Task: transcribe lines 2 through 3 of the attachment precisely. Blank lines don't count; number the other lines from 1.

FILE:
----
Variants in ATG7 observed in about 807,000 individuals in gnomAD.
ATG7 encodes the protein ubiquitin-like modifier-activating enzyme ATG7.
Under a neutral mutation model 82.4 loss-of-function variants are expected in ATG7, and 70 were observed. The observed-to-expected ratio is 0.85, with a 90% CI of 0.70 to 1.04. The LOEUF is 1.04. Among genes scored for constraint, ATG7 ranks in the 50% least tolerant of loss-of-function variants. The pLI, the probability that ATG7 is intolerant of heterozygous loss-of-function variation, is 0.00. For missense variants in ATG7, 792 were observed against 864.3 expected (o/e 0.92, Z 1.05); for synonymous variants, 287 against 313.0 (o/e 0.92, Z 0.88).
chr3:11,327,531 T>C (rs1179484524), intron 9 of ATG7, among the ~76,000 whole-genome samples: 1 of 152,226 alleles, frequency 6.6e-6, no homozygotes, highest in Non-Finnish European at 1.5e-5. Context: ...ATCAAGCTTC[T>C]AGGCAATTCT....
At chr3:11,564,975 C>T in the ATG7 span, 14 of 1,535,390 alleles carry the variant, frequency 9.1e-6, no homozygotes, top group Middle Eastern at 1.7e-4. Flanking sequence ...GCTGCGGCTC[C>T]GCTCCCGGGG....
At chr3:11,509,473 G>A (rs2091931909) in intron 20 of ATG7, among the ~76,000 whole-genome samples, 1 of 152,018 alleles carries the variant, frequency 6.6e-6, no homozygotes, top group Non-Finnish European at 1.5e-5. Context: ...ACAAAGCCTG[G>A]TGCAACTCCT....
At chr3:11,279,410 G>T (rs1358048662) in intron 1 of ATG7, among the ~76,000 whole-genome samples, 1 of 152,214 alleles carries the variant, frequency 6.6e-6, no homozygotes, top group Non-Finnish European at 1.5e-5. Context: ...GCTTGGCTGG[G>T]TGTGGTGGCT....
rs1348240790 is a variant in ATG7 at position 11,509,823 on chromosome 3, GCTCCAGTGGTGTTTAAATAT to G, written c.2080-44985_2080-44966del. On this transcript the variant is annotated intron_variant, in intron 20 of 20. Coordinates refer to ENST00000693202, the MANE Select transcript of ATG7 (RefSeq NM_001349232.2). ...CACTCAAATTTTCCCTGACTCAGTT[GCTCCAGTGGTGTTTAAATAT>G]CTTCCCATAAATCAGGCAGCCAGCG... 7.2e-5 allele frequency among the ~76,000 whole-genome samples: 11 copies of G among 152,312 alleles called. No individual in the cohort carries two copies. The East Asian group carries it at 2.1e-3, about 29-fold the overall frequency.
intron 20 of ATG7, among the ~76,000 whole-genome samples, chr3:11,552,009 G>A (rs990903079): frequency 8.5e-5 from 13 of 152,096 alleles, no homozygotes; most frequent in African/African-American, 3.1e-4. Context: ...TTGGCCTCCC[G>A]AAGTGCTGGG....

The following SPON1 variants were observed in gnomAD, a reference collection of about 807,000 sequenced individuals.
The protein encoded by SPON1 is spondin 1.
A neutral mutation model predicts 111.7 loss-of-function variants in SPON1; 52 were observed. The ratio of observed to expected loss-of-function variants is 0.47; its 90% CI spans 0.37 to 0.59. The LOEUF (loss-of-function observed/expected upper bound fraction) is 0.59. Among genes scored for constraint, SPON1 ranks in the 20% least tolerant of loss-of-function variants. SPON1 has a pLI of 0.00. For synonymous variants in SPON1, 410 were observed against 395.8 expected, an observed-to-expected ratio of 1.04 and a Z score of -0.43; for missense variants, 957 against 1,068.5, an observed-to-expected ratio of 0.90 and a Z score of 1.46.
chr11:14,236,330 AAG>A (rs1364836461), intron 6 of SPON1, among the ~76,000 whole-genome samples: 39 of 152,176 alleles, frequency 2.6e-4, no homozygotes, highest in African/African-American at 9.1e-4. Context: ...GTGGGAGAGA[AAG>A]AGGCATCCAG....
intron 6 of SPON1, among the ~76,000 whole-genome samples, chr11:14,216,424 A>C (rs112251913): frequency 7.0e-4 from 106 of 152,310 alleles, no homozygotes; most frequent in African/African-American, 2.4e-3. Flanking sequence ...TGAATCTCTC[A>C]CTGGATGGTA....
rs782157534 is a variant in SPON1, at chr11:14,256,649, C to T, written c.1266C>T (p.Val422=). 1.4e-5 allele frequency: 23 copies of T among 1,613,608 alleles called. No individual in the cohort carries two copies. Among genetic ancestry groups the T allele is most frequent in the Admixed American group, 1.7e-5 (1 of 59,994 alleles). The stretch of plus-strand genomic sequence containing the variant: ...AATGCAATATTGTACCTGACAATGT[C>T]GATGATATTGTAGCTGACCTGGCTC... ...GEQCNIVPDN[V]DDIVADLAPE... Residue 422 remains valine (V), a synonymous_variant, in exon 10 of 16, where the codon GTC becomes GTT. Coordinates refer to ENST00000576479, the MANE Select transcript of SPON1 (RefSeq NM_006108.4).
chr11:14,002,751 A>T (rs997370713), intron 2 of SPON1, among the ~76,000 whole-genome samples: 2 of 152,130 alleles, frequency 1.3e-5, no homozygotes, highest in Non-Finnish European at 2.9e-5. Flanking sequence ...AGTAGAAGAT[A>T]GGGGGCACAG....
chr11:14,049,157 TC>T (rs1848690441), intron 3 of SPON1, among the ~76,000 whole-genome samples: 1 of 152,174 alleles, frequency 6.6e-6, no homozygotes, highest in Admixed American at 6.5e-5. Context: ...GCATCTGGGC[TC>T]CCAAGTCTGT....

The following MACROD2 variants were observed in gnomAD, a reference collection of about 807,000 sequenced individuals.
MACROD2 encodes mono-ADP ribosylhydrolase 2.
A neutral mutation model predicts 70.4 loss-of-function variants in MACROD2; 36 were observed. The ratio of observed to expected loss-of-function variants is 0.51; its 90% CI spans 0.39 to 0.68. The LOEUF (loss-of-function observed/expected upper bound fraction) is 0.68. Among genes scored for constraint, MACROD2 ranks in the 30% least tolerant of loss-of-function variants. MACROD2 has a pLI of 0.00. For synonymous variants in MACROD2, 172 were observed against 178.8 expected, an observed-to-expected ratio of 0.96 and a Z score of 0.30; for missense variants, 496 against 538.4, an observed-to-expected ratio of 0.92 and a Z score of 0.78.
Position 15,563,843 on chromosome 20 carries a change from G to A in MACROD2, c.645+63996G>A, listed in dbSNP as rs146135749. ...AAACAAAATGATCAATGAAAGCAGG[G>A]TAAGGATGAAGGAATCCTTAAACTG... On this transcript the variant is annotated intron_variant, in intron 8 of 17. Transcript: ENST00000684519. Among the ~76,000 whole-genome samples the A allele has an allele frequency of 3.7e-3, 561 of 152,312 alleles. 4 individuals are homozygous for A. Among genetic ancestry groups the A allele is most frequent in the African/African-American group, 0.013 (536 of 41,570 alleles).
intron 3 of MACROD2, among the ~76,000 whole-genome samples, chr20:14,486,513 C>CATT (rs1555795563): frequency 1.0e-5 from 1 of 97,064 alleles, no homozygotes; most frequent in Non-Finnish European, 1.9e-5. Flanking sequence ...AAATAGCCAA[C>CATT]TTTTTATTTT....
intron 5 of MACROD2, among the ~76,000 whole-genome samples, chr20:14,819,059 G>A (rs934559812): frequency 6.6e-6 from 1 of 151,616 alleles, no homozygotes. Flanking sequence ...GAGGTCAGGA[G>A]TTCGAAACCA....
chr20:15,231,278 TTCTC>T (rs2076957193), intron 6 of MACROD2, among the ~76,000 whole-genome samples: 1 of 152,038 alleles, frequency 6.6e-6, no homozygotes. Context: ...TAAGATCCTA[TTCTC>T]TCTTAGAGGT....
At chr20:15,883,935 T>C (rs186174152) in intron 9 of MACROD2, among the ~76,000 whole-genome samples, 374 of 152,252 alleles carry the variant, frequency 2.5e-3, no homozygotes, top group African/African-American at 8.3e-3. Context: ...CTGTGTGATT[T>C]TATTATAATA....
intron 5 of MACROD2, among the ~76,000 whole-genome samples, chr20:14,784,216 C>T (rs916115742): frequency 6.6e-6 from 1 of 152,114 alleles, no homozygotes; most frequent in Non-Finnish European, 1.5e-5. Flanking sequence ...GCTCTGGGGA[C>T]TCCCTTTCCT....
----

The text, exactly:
ATG7 encodes the protein ubiquitin-like modifier-activating enzyme ATG7.
Under a neutral mutation model 82.4 loss-of-function variants are expected in ATG7, and 70 were observed. The observed-to-expected ratio is 0.85, with a 90% CI of 0.70 to 1.04. The LOEUF is 1.04. Among genes scored for constraint, ATG7 ranks in the 50% least tolerant of loss-of-function variants. The pLI, the probability that ATG7 is intolerant of heterozygous loss-of-function variation, is 0.00. For missense variants in ATG7, 792 were observed against 864.3 expected (o/e 0.92, Z 1.05); for synonymous variants, 287 against 313.0 (o/e 0.92, Z 0.88).